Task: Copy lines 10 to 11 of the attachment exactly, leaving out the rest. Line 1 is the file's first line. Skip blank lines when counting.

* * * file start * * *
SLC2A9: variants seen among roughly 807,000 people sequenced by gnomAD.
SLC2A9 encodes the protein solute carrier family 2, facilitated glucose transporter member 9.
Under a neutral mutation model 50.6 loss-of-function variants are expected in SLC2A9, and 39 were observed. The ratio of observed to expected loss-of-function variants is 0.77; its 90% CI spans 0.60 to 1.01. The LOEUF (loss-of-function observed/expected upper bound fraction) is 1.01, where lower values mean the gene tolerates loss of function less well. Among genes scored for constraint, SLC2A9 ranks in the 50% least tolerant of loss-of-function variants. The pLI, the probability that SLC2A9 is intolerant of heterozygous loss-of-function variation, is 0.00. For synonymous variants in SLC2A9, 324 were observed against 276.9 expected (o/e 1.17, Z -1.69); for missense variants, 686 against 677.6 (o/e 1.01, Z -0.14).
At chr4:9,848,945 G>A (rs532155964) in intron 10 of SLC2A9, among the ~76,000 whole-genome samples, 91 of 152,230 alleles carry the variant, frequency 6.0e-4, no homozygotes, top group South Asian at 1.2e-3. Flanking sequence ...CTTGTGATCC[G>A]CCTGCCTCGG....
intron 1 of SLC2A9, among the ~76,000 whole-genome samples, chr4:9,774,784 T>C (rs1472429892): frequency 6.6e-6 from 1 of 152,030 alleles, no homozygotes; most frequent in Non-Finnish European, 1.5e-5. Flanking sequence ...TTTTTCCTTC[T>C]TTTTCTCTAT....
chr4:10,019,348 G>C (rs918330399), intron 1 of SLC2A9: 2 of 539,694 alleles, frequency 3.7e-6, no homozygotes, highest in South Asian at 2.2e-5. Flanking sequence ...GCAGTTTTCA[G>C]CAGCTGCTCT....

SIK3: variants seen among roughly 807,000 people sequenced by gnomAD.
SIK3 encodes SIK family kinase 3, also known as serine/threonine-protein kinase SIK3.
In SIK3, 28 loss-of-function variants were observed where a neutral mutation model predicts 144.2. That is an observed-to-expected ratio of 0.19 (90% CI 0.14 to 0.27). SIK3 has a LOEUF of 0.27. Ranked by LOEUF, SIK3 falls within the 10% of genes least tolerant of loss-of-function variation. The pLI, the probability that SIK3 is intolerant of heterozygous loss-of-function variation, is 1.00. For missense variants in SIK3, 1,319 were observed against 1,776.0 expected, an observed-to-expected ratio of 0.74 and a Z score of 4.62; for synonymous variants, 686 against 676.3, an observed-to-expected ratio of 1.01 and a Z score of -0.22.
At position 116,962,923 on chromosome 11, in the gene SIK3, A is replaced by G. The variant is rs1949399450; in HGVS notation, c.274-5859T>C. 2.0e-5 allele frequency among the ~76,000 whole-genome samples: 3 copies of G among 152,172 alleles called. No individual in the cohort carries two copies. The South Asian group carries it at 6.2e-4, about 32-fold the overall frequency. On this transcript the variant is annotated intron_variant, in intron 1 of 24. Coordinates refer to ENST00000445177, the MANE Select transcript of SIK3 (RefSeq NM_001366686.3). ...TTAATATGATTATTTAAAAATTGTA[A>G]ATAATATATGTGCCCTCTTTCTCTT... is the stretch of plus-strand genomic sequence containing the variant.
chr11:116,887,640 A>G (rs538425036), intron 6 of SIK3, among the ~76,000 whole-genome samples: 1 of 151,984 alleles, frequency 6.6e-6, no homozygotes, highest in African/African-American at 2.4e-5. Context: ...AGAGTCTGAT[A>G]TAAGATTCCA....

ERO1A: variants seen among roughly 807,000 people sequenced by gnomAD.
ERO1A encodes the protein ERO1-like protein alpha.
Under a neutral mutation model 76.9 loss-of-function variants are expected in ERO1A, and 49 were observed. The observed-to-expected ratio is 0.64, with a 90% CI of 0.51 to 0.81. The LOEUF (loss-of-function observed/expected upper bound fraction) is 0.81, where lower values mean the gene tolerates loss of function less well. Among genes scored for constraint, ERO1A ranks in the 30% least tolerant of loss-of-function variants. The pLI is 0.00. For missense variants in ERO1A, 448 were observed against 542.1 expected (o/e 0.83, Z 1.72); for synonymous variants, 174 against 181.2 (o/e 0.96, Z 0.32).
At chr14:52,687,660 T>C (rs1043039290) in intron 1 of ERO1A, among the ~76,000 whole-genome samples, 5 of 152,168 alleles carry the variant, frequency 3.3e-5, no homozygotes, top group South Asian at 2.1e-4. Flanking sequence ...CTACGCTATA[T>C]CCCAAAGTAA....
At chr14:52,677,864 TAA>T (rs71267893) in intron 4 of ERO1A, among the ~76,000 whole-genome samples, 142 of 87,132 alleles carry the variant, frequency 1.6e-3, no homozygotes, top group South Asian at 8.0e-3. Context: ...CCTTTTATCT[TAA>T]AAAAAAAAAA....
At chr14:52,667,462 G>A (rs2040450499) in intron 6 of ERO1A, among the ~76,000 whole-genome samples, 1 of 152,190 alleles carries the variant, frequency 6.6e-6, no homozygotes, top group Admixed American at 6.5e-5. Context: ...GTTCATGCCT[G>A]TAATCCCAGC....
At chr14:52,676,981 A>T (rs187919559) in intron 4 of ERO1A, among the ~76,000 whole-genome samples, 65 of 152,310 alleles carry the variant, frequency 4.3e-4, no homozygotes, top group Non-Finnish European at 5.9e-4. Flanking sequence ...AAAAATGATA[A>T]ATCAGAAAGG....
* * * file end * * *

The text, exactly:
At position 116,962,923 on chromosome 11, in the gene SIK3, A is replaced by G. The variant is rs1949399450; in HGVS notation, c.274-5859T>C. 2.0e-5 allele frequency among the ~76,000 whole-genome samples: 3 copies of G among 152,172 alleles called. No individual in the cohort carries two copies. The South Asian group carries it at 6.2e-4, about 32-fold the overall frequency. On this transcript the variant is annotated intron_variant, in intron 1 of 24. Coordinates refer to ENST00000445177, the MANE Select transcript of SIK3 (RefSeq NM_001366686.3). ...TTAATATGATTATTTAAAAATTGTA[A>G]ATAATATATGTGCCCTCTTTCTCTT... is the stretch of plus-strand genomic sequence containing the variant.
chr11:116,887,640 A>G (rs538425036), intron 6 of SIK3, among the ~76,000 whole-genome samples: 1 of 151,984 alleles, frequency 6.6e-6, no homozygotes, highest in African/African-American at 2.4e-5. Context: ...AGAGTCTGAT[A>G]TAAGATTCCA....